Even so, some aspects of the culture still seem relatively primitive. Until the late 1990s, for example, the main form of currency was the coconut. No Kunas are happy to accept dollars from mola-buying tourists, but they still use coconuts to barter with Colombian traders for clothing, coffee, milk, and other staples.

Most Kuna men wear Western-style clothes, but women adorn themselves much as their ancestors did, favoring a long blouse that features one or more molas, and a colorful cloth wrapped around their waists to fashion a sort of skirt. Completing the ensemble is a colorful head scarf, multiple necklaces, bracelets, and rings, and a gold ring through the nose. Women also often wrap their legs from knee to ankle with beautiful strands of beads called wini (also available for sale).

Cruise ship passengers should respect the conservative culture of the Kunas. Short shorts and bikini tops are viewed as inappropriate attire in Kuna villages. And don't snap photos without asking or, in many cases, paying (typically, $1 per shot).

Follow these simple guidelines and you'll be welcomed by the Kunas. In fact, you may end up getting a better deal on those molas that catch your eye!


Purchasing a mola (most visitors purchase several) is one of the highlights of any visit to Panama. From small, simple prints you can frame to elaborate jackets, pot holders, and other items, you're sure to find several molas that interest you.

There are hundreds of styles from which to choose. Quality counts, but motif is highest on most buyers' lists. Subjects range widely, but fish, turtles, dolphins, and other marine motifs are popular with Kuna women, who begin learning to make molas around the age of five. Other popular motifs include Kuna deities, legends, ceremonies, and simple geometric patterns, as well as animals, canoes, and even modern icons - including cartoon characters like Batman!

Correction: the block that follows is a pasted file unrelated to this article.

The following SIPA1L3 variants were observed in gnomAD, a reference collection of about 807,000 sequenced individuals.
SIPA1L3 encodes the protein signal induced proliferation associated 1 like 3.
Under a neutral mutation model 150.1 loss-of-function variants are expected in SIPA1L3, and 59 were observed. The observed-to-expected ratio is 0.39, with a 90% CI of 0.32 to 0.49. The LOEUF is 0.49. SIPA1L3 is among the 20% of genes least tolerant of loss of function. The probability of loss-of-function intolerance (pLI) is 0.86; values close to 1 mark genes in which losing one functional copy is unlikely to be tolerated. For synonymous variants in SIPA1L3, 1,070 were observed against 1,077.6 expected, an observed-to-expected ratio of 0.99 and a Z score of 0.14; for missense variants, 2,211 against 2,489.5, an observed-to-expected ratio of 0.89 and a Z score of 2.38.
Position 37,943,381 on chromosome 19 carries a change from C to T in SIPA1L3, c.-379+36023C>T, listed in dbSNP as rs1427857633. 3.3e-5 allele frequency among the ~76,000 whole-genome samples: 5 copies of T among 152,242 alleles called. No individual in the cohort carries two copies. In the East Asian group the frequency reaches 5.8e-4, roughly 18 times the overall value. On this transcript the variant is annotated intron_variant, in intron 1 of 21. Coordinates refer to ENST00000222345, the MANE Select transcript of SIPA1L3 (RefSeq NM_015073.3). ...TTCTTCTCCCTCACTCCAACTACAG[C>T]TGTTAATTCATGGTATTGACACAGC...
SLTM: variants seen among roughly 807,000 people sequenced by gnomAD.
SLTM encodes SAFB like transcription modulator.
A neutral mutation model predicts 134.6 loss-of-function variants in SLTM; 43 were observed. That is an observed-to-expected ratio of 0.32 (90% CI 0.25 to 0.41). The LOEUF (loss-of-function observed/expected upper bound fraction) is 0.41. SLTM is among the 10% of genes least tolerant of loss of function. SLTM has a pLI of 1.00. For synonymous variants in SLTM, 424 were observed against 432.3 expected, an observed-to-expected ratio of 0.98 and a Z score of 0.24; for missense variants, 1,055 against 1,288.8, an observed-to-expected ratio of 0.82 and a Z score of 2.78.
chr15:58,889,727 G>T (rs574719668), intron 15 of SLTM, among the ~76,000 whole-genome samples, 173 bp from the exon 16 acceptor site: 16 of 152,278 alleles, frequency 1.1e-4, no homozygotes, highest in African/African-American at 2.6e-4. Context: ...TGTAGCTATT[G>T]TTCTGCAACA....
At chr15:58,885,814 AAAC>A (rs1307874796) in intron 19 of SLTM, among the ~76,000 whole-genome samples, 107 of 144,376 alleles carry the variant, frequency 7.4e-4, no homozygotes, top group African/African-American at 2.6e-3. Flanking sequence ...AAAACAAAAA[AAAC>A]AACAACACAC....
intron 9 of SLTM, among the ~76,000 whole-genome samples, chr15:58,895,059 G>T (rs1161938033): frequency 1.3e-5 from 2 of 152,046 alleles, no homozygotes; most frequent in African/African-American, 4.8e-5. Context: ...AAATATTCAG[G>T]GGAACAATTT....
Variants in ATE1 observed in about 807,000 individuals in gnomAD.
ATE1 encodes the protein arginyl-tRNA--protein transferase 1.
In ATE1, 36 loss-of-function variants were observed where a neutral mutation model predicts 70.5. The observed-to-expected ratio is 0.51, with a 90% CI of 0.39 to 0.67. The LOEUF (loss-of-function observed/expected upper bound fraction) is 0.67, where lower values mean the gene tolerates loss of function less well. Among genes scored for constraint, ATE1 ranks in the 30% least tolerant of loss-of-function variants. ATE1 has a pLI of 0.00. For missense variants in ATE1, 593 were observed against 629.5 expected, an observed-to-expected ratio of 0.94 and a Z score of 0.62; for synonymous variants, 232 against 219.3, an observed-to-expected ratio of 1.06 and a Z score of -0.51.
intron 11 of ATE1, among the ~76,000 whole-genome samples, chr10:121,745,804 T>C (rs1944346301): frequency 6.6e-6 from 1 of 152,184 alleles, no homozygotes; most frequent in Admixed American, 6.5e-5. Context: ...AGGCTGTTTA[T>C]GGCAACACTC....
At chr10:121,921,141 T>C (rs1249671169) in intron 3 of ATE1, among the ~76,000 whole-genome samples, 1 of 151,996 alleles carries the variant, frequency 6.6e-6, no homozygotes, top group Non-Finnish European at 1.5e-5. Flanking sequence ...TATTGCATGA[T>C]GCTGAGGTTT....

“Visitors shouldn’t see their use of modern images as some sort of sell-out," says Mari Lyn Salvador, editor of The Art of Being Kuna. "Instead, it’s their way of observing and using current patterns and details in their art”.

Prices of molas may range from as little as $1 to $20 or more, depending on size and quality. And, as Salvador notes, mola sales help to provide economic independence for Kuna women and their families.

Molas also will help you to bring some color into your life and the lives of loved ones back home.  Whether you're looking for a colorful piece of art to mount on your office wall or a holiday gift for that hard-to-please mother-in-law, you're sure to find just the right mola when you visit Panama’s Kuna Indians.


Shopping for molas is a great way to spend an hour or two in Panama.  It's also an opportunity to explore a culture unlike your own. Most molas are displayed on a clothesline strung between two bamboo poles or simply tacked up on the wall of a hut. How do you find the mola that's right for you? Look for:

*Fine, neatly spaced stitches that closely match the color of the cloth so that they are barely visible.

*Cutouts that are smooth and sewing that follows the curves of the cut.

*Outline strips that are uniform in width, with no frayed edges.

*Bright colors and designs that are pleasing to your eye.  This is, after all, your souvenir. Pick a mola you really love!